“Made it 100 percent more fun,” he said, adding that the presence of bike share “inspires people to ride bikes.”
N.C. Central University started a bike-share program this month, too, using bicycles from Zagster, a Massachusetts company. The NCCU program is limited to students, faculty and staff who pay a membership fee in exchange for free trips under two hours on weekdays and three hours on weekends. Duke University had a bike-share program that used Zagster bikes starting in 2014, but it was discontinued after the student government voted to stop providing financial support for it.
NCSU’s bike-share program originated with a request from the student government, Kennon said. He said the university decided to give LimeBike a try after learning about the company’s program at UNC-Greensboro, which started in June. Less than a year old, LimeBike now has programs in seven cities and at six universities across the country.
NCSU decided to test the program with 300 bikes this fall, to gauge not only demand but also whether people would park the bikes where they would not get in the way, Kennon said. The university is urging riders to park them at or near bike racks, and is installing new racks on campus.
“What we don’t want to see is bikes just parked haphazardly everywhere,” he said.
The university will determine in December whether to increase the number of LimeBikes when students return in January. For its part, LimeBike is eager to add more bikes to NCSU, where it says the initial growth in ridership has been among the fastest for the company.
“We hope to continue this partnership with NCSU,” company spokesman Jack Song wrote in an email. “It is a greener and more affordable way for students, faculty, and the university community to travel that short distance. A successful bike-share program requires a proper fleet of bikes that riders can have access to on demand.”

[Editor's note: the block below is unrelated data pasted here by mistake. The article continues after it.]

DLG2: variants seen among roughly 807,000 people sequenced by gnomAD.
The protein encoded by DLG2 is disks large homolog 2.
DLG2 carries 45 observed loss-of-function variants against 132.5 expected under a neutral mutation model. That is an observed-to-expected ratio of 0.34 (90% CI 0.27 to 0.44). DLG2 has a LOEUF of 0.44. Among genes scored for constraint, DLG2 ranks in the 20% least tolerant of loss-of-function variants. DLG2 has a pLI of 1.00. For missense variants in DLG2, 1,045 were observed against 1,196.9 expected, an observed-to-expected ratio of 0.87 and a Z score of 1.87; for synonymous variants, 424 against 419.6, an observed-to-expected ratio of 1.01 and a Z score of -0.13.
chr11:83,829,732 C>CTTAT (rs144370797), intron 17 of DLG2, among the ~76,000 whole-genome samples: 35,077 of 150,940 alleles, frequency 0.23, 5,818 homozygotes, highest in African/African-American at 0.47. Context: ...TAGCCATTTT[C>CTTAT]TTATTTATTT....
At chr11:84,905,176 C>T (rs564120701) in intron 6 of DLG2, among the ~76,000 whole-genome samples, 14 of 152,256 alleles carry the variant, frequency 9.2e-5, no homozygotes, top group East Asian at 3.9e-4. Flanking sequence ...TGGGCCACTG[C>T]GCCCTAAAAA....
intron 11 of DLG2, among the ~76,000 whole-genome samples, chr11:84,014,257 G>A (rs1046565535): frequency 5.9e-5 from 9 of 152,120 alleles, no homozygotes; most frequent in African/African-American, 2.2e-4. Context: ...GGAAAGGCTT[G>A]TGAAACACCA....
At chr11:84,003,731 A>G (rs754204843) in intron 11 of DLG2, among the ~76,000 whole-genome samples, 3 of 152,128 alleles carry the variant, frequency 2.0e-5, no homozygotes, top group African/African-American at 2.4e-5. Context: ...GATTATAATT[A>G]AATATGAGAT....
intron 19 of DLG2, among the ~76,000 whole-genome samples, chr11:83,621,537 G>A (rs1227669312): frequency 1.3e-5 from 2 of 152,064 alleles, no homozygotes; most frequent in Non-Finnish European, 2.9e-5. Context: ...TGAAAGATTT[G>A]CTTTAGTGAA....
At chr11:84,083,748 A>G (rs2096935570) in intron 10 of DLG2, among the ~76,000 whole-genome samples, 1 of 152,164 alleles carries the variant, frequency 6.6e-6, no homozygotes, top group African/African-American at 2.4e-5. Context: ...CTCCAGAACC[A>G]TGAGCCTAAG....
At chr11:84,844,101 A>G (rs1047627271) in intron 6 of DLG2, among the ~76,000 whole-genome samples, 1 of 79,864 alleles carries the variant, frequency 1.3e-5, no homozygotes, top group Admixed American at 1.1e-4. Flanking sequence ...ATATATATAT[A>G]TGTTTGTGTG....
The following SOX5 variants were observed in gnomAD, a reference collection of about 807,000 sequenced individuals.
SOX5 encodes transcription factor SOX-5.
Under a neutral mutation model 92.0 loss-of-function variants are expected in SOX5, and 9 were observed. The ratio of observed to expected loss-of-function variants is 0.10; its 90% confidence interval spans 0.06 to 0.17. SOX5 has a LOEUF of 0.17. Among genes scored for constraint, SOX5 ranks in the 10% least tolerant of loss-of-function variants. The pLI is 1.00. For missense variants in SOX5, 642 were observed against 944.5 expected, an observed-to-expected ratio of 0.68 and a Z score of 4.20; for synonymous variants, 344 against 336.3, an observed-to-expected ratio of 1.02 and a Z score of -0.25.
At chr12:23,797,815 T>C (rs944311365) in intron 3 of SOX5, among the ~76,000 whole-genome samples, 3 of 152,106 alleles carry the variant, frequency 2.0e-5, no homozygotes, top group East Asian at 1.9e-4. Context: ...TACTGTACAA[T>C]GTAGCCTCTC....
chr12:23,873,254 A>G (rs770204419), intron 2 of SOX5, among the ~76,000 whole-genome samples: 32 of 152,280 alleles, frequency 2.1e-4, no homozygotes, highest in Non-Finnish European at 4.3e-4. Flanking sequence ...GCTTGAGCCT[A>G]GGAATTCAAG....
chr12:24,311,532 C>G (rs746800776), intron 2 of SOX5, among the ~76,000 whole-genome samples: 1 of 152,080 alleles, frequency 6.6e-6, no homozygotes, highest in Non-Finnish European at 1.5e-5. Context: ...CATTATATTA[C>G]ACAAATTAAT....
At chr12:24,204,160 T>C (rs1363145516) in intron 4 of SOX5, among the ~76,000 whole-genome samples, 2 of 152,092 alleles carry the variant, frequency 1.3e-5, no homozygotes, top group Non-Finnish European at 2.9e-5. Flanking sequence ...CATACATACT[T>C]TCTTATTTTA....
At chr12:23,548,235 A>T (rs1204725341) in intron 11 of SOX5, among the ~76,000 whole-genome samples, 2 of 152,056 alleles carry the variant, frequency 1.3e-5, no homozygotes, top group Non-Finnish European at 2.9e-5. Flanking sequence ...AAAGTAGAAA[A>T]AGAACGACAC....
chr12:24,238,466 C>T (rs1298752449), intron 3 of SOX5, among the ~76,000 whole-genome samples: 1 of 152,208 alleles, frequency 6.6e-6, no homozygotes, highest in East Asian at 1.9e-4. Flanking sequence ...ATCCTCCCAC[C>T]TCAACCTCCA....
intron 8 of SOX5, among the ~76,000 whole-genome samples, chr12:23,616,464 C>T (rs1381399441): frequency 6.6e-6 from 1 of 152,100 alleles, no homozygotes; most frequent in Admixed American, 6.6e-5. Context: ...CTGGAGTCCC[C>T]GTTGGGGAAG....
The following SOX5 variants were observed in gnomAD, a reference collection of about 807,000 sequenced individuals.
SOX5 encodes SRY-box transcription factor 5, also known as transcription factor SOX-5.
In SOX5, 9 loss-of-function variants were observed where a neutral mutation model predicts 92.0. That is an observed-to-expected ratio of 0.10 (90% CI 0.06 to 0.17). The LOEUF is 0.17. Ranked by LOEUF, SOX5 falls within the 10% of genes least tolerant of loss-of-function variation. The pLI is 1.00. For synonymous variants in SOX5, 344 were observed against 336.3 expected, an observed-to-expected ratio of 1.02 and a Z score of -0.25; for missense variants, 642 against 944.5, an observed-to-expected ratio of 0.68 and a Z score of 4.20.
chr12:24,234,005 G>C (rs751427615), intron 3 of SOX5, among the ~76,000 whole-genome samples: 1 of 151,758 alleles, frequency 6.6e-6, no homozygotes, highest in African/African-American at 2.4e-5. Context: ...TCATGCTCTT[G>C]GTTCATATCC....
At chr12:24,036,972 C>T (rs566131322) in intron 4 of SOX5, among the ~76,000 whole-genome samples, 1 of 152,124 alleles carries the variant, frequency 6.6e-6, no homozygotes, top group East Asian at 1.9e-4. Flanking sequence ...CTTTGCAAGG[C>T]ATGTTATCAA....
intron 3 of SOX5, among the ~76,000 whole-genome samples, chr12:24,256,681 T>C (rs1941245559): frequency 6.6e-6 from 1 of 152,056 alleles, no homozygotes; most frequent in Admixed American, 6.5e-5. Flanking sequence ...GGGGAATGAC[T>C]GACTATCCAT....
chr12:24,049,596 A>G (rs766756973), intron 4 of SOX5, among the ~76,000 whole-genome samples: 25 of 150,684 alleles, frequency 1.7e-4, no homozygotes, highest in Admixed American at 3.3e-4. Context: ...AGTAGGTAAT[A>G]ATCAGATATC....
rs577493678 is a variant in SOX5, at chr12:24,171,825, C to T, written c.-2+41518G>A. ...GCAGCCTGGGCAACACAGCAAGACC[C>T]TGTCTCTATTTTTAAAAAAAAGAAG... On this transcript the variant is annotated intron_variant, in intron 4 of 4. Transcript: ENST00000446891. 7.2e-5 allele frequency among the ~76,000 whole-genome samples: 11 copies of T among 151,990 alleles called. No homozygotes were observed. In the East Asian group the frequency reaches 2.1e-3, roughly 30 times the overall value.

NCSU doesn’t want LimeBike to be seen as competition with the city’s bike-share program set to begin next spring, Kennon said. The city program will have a couple of stations near campus, he said, but wouldn’t provide the number of bikes on campus to meet the needs of students.
The city program will cost about $2 million to get started, with the bulk of that coming from a $1.6 million federal grant. Sponsorships by local businesses will help cover operating costs. The city’s program will start with 30 docking stations and 300 bikes, some of which will have electric motors.
“Ideally it would be nice for everyone to have a unified front, with a single brand,” said city transportation planning director Eric Lamb. But with two programs putting more bicycles on the street, Lamb said, “from a market standpoint, I think that’s really positive.”
It’s not unusual for cities to have more than one bike-share system; three bike-share companies are now operating in Seattle, and a fourth is on the way.
Phillips said he thinks the city’s system will focus more on downtown, while LimeBike will serve the university and, perhaps in the future, outlying greenways.
“It’s not a competition with us. It’s augmentation,” he said. “It’s spreading the ability for more people to get on a saddle and pedal.”
For more information about NCSU’s LimeBike program, go to www2.acs.ncsu.edu/trans/wolftrails/limebike.html.